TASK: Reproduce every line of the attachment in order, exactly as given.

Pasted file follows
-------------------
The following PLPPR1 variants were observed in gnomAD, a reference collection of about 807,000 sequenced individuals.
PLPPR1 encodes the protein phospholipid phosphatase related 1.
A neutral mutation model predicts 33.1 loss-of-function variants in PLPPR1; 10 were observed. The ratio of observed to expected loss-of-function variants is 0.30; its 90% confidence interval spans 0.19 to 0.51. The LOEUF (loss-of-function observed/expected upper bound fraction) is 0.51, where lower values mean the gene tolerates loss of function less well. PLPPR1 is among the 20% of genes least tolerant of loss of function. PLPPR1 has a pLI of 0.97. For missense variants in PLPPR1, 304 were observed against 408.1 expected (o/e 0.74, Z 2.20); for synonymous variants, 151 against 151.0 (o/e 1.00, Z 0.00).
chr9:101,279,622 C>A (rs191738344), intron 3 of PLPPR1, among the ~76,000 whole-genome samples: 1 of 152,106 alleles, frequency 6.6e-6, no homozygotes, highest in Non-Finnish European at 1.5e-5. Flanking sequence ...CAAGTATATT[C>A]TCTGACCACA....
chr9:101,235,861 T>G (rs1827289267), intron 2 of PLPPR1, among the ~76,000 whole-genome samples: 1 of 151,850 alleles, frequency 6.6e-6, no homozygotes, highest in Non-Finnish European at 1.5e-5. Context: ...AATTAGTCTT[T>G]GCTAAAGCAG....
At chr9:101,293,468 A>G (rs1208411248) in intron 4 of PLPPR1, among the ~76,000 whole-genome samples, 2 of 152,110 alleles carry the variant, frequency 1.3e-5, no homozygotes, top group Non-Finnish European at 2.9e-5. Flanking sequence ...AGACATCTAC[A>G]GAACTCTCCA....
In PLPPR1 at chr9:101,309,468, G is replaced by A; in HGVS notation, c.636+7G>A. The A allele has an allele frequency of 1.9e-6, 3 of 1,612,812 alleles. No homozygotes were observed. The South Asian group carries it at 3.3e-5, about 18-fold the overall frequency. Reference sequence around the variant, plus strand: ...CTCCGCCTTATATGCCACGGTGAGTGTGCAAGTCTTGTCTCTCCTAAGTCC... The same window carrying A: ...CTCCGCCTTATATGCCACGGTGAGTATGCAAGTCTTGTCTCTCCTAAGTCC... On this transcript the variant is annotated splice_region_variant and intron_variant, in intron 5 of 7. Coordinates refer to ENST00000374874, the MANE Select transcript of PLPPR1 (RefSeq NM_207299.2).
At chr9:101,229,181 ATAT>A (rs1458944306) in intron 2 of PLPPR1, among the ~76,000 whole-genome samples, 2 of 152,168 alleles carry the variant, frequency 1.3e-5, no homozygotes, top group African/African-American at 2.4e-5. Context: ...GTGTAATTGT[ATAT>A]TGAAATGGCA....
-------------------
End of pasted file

The following PLPPR1 variants were observed in gnomAD, a reference collection of about 807,000 sequenced individuals.
PLPPR1 encodes the protein phospholipid phosphatase related 1.
A neutral mutation model predicts 33.1 loss-of-function variants in PLPPR1; 10 were observed. The ratio of observed to expected loss-of-function variants is 0.30; its 90% confidence interval spans 0.19 to 0.51. The LOEUF (loss-of-function observed/expected upper bound fraction) is 0.51, where lower values mean the gene tolerates loss of function less well. PLPPR1 is among the 20% of genes least tolerant of loss of function. PLPPR1 has a pLI of 0.97. For missense variants in PLPPR1, 304 were observed against 408.1 expected (o/e 0.74, Z 2.20); for synonymous variants, 151 against 151.0 (o/e 1.00, Z 0.00).
chr9:101,279,622 C>A (rs191738344), intron 3 of PLPPR1, among the ~76,000 whole-genome samples: 1 of 152,106 alleles, frequency 6.6e-6, no homozygotes, highest in Non-Finnish European at 1.5e-5. Flanking sequence ...CAAGTATATT[C>A]TCTGACCACA....
chr9:101,235,861 T>G (rs1827289267), intron 2 of PLPPR1, among the ~76,000 whole-genome samples: 1 of 151,850 alleles, frequency 6.6e-6, no homozygotes, highest in Non-Finnish European at 1.5e-5. Context: ...AATTAGTCTT[T>G]GCTAAAGCAG....
At chr9:101,293,468 A>G (rs1208411248) in intron 4 of PLPPR1, among the ~76,000 whole-genome samples, 2 of 152,110 alleles carry the variant, frequency 1.3e-5, no homozygotes, top group Non-Finnish European at 2.9e-5. Flanking sequence ...AGACATCTAC[A>G]GAACTCTCCA....
In PLPPR1 at chr9:101,309,468, G is replaced by A; in HGVS notation, c.636+7G>A. The A allele has an allele frequency of 1.9e-6, 3 of 1,612,812 alleles. No homozygotes were observed. The South Asian group carries it at 3.3e-5, about 18-fold the overall frequency. Reference sequence around the variant, plus strand: ...CTCCGCCTTATATGCCACGGTGAGTGTGCAAGTCTTGTCTCTCCTAAGTCC... The same window carrying A: ...CTCCGCCTTATATGCCACGGTGAGTATGCAAGTCTTGTCTCTCCTAAGTCC... On this transcript the variant is annotated splice_region_variant and intron_variant, in intron 5 of 7. Coordinates refer to ENST00000374874, the MANE Select transcript of PLPPR1 (RefSeq NM_207299.2).
At chr9:101,229,181 ATAT>A (rs1458944306) in intron 2 of PLPPR1, among the ~76,000 whole-genome samples, 2 of 152,168 alleles carry the variant, frequency 1.3e-5, no homozygotes, top group African/African-American at 2.4e-5. Context: ...GTGTAATTGT[ATAT>A]TGAAATGGCA....